domingo, 27 de agosto de 2017

Yamato Pax M4 (1958)

Yamato Pax M4 (1958)
Esta fotografia é do exemplar que possuo


The Pax M4 from about 1958 is a revision to the Pax M3 which added a frosted central window to illuminate a bright-line viewfinder frame. The change required Yamato to add a taller top housing. Unlike other Pax models this does not have a dropped shoulder around the rewind, which is a folding crank, replacing the rewind knob of earlier models. The film speed reminder dial also differs from that of the M3, and the name Pax is not impressed in the leatherette of the back, as on all the previous Pax cameras. The lens is a Luminor Anastigmat f/2.8 45mm.
The rangefinder adjustment screws are also differently placed. The screw to adjust for distance (at infinity focus) is inside the camera; it is accessed through a hole at the top of the internal panelling behind the lens. The screw for vertical alignment is accessed by removing the front screw of the three that secure the flash shoe; the adjustment screw is beneath that screw hole.
The camera was also sold as the Pal M4, Rex, Rex M4 and the Tac Deluxe .


Yamoto Koki Kogyo, better known as Yamoto Optical, produced a range of rangefinder cameras in the 1950's and '60's, priced in the low-to-medium range. Best known is probably the 1953 Pax M2, a little Leica look-alike with a 45mm Luminor Anastigmat f/3.5 lens, and especially the "Golden View" version of that camera, finished in faux gold with coloured leatherette trim. Despite the fact that there was nothing very Leica-like about the quality of the camera or it's images, the Golden View fetches four-figure prices at auction. This little Pax M4 is a later development from around 1960 and appeared under a bewildering variety of names. "Pal M4" was one common derivation, and I've seen it referred to as "Ricsor" and "Rex". A version was apparently imported into the US by the Trans-American Import Export Co., and branded the "TAC Deluxe Rangefinder".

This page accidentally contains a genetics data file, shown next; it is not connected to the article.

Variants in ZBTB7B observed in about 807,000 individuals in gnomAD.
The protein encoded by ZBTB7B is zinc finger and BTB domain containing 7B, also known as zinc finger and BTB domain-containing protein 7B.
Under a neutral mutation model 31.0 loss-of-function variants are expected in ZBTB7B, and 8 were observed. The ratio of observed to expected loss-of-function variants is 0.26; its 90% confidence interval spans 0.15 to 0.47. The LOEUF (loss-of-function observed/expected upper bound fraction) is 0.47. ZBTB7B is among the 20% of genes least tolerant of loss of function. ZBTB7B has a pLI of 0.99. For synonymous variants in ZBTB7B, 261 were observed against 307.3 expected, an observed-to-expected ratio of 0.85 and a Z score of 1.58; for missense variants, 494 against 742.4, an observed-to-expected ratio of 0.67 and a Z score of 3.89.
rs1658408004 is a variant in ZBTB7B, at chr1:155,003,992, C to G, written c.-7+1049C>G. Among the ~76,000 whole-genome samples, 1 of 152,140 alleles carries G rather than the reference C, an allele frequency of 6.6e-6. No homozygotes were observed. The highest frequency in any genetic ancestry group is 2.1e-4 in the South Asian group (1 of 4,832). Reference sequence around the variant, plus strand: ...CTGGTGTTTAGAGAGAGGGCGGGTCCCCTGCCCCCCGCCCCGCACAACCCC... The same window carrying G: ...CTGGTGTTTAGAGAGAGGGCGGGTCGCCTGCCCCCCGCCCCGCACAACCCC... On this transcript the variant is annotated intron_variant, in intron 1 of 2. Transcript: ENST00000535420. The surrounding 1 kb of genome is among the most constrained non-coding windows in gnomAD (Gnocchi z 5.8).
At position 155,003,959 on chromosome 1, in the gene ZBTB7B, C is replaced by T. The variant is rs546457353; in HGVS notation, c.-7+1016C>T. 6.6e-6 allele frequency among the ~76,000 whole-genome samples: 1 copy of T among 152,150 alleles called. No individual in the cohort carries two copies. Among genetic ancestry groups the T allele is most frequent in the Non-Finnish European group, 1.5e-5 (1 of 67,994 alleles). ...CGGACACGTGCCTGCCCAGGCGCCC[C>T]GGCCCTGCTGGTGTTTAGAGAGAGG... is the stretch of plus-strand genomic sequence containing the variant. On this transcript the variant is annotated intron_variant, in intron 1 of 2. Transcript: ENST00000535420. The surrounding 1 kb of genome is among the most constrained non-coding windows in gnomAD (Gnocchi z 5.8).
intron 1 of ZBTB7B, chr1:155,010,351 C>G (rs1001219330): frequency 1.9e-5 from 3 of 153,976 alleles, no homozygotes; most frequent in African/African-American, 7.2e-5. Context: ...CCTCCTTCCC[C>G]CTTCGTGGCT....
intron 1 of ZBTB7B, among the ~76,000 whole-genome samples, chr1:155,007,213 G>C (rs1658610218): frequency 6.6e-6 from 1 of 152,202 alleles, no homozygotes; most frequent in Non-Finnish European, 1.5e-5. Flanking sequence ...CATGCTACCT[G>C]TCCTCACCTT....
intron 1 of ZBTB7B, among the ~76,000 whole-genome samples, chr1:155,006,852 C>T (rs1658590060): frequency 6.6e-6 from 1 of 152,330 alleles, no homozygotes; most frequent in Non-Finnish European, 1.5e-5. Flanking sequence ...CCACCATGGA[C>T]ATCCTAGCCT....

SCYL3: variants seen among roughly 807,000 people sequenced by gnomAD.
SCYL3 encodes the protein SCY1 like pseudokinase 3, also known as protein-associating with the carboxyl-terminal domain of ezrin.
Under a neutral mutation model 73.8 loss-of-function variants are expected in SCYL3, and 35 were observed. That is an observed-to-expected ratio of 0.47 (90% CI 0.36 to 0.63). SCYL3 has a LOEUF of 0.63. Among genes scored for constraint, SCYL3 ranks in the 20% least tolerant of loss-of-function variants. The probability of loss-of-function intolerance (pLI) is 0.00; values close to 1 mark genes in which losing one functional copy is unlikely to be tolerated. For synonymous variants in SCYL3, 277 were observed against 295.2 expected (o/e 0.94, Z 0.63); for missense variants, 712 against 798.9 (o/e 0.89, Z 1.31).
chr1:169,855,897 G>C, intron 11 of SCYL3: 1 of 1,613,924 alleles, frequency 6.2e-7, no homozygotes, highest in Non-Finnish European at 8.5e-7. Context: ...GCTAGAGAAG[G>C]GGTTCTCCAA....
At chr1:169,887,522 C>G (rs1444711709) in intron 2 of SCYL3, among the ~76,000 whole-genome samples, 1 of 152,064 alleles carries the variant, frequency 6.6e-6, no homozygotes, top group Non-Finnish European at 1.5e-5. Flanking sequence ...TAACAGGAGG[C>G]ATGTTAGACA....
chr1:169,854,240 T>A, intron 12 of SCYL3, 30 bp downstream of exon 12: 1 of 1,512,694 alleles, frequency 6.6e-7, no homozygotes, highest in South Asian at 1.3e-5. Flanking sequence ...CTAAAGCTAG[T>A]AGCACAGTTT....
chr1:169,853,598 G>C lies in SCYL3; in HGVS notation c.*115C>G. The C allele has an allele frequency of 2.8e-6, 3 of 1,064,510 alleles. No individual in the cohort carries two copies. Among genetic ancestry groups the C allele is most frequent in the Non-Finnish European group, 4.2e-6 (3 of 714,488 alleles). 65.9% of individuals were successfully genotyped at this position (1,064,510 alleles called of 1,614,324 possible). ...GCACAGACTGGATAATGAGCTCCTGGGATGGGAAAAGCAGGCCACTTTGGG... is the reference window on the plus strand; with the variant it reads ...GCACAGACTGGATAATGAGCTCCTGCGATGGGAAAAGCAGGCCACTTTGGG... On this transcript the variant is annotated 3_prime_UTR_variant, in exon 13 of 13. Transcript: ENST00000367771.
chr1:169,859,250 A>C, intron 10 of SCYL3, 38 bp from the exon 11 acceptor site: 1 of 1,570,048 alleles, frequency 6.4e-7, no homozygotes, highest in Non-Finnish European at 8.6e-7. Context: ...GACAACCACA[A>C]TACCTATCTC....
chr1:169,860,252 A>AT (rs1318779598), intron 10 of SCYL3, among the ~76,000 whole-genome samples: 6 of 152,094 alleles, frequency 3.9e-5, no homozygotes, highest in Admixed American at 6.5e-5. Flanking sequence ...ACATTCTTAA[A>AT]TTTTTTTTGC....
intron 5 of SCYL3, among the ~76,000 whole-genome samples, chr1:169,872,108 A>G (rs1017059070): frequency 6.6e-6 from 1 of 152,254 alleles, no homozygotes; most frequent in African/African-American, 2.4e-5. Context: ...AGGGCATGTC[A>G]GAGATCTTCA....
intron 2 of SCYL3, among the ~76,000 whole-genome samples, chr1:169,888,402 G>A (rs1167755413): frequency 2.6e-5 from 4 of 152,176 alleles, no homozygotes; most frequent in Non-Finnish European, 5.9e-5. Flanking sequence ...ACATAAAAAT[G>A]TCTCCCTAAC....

This is a nicely-made rangefinder, rather like a Braun Paxette in heft and construction. The viewfinder is bright-lined with parallax compensation marks, the coupled rangefinder is clear enough, the inaudible shutter trips sweetly and offers speeds of 1/10th to 1/300th plus B. It has a nice short and snappy film wind, orthodox film rewind, and a friendly internal film counter set below a magnifying lens on the top deck...Nice touch. The overall finish is excellent, with no plastic visible anywhere, a somewhat unusual feature for mid-range Japanese cameras of this era. The entire back and base detaches for film loading, European style, revealing some tidy all-metal engineering. As one can tell by comparing the camera with the size of the film cassettes in the photograph, it's a very small camera indeed.

All the Yamoto lenses were named "Luminor", which makes researching their characteristics a little tedious. The earlier f/3.5 lens fitted to the M2 was a triplet design, but apparently capable of quite high-quality work. The 45mm f/2.8 LuminorAnastigmat fitted to the M4 is rumored to be a 4-element Tessar-like design, and a "reflection inspection" seems to confirm this, though I'm not adamant on the point. While it's marked "45mm", after handling the camera and viewing the images, I suspect it's actually a little wider, possibly nearer the 40mm mark. It's a very bright and clear lens with a light coating, and I have no criticism of it's performance. Indeed, I was actually very agreeably surprised, if not somewhat amazed. In the fashion of the day, auxiliary tele-and wide-angle attachments were available, along with supplementary viewfinders.



45mm lens



A minha tem o n.º de série na lente 146752

Sítios de referência


Manual em inglês


Fotografias tiradas com esta máquina


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